When Laura McIntyre posted a Facebook tribute earlier this month to her twin sister, Caty Nixon, a labor and delivery nurse, McIntyre didn't expect the post to go viral—but the tribute has racked up over 219,000 likes and 129,000 shares.
'Thanks for all that you do'
The photo, which McIntyre took in July and posted on Oct. 10, shows Nixon crying on a chair in McIntyre's house while wearing her blue scrubs after delivering a stillborn baby.
"She's gonna kill me for this pic, but can we just give it up for nurses for a minute?" McIntyre wrote in the post. "Caty just wrapped up her fourth shift in a row. That's around 53+ hours in four days. That's not including the 1.5 hours she's in the car each day. She usually doesn't get a chance to eat lunch or even drink much water. (& she has to dress like a blueberry.. I mean, come on). She is so good at what she does that she often forgets how to take care of herself while she's taking care of her patients."
McIntyre closed the post by saying, "Caty (& all other nurses)—you are SPECIAL. You bless your patients and their families more than you will ever know. Thank you for all that you do."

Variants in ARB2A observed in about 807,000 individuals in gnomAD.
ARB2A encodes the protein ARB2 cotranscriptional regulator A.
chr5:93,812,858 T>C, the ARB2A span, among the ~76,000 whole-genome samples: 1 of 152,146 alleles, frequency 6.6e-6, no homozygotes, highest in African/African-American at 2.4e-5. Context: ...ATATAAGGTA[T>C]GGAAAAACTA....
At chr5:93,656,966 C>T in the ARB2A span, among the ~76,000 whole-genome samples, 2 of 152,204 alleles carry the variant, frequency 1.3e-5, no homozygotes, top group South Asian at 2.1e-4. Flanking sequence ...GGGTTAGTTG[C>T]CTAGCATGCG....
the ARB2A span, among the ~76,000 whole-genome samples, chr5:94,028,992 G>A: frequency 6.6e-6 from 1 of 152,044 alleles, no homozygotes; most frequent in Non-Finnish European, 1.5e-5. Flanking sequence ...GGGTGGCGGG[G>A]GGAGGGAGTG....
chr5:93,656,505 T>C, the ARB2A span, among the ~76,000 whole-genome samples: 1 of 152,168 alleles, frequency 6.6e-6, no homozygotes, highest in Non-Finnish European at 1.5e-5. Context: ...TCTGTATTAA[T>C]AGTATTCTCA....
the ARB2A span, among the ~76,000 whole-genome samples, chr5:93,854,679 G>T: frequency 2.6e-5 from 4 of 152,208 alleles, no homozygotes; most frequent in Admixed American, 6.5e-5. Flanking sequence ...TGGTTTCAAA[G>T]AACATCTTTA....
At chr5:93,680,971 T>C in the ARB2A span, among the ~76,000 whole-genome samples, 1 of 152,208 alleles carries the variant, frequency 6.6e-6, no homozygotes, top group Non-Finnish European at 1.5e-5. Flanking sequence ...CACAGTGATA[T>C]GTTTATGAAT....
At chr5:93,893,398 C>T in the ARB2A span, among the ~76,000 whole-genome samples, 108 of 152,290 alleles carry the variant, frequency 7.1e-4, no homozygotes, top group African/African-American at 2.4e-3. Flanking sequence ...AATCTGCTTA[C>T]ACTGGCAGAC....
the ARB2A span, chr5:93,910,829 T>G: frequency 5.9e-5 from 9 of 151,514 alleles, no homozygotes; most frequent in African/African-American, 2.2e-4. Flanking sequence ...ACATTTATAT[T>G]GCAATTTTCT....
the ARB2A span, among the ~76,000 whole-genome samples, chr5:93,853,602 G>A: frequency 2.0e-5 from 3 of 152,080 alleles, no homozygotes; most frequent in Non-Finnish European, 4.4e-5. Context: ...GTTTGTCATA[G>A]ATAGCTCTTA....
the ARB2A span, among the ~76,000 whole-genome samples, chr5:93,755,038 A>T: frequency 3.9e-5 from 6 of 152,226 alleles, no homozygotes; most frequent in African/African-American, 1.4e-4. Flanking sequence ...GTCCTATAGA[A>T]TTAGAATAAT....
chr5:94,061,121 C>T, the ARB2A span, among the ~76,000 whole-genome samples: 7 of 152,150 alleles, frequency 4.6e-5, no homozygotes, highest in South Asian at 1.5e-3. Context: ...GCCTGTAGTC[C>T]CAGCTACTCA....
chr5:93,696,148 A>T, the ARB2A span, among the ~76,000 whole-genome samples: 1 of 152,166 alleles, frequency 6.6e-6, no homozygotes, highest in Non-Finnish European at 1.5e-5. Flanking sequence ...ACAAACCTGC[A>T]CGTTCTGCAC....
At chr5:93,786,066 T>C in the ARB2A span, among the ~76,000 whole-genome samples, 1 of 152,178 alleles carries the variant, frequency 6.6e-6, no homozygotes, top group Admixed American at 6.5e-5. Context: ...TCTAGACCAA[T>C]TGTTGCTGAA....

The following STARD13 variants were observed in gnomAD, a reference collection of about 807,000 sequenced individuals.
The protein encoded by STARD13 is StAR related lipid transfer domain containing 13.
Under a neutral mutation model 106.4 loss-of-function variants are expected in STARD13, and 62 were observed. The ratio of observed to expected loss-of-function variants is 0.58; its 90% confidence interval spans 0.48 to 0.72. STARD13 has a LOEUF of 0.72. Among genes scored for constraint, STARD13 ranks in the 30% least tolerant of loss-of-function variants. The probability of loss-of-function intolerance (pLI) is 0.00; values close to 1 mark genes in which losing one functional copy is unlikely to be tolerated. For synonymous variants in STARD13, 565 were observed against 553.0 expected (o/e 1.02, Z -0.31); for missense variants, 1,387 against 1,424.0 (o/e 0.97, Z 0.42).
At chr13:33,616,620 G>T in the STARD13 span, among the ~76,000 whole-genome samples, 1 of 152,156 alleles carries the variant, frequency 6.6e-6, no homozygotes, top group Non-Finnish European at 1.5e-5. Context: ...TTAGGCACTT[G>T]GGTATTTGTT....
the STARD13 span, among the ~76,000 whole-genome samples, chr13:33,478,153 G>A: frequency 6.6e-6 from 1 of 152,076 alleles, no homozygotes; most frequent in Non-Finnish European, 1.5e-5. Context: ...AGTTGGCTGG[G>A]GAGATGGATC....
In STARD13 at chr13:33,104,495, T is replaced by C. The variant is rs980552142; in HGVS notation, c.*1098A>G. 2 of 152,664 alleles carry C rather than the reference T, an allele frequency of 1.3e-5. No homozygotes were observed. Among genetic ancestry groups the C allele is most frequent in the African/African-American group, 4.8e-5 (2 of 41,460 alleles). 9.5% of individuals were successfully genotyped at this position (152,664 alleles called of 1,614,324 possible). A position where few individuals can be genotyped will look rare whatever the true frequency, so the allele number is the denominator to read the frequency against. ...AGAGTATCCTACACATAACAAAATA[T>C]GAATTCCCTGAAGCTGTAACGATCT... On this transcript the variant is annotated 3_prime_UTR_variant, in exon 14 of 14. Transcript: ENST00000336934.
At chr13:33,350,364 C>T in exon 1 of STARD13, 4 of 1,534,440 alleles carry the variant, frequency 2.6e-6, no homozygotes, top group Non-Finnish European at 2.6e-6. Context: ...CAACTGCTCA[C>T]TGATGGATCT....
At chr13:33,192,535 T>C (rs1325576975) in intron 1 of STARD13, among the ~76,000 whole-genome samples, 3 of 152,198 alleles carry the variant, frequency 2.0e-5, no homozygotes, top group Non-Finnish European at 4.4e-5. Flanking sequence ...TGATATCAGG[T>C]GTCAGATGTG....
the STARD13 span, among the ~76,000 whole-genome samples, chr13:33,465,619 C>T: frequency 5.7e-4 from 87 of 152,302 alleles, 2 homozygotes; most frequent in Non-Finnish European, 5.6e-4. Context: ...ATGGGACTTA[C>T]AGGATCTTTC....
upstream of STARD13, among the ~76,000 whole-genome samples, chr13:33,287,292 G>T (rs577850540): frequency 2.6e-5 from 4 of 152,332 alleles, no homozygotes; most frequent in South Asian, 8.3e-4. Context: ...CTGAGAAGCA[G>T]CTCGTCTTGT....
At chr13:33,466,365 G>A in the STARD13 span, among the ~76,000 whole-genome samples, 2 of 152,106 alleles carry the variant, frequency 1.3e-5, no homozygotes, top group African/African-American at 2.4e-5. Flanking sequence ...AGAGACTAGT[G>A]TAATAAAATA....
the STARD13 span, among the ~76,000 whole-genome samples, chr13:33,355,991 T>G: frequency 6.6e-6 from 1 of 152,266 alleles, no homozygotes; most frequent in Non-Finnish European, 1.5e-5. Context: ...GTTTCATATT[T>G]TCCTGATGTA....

In response to the post, Nixon told ABC's "Good Morning America" that she doesn't like "being in the spotlight" but added that she was moved by the tribute. Nixon said, "I love that Laura wrote a tribute to not only me—but to all nurses—for our passion and dedication, even through the roughest days."
Nixon said her job is full of highs and lows. "The best part of nursing is making connections with people, being the calm in the storm, being their cheerleader when they need encouragement, and being the shoulder to cry on when they are hurting," she said. "The worst, though, is knowing that even when you've done everything you can for someone, we're not able to change the outcome (for fetal loss, poor prognosis, etc.); always feeling like you have to be strong for your patient—when on the inside, you are falling apart."
McIntyre said nurses deserve every bit of recognition they can get. "They are the heartbeat of the hospital, and they are truly angels on earth," she said (Hein, Fox News, 10/16; Brown, Good Morning America, ABC, 10/15).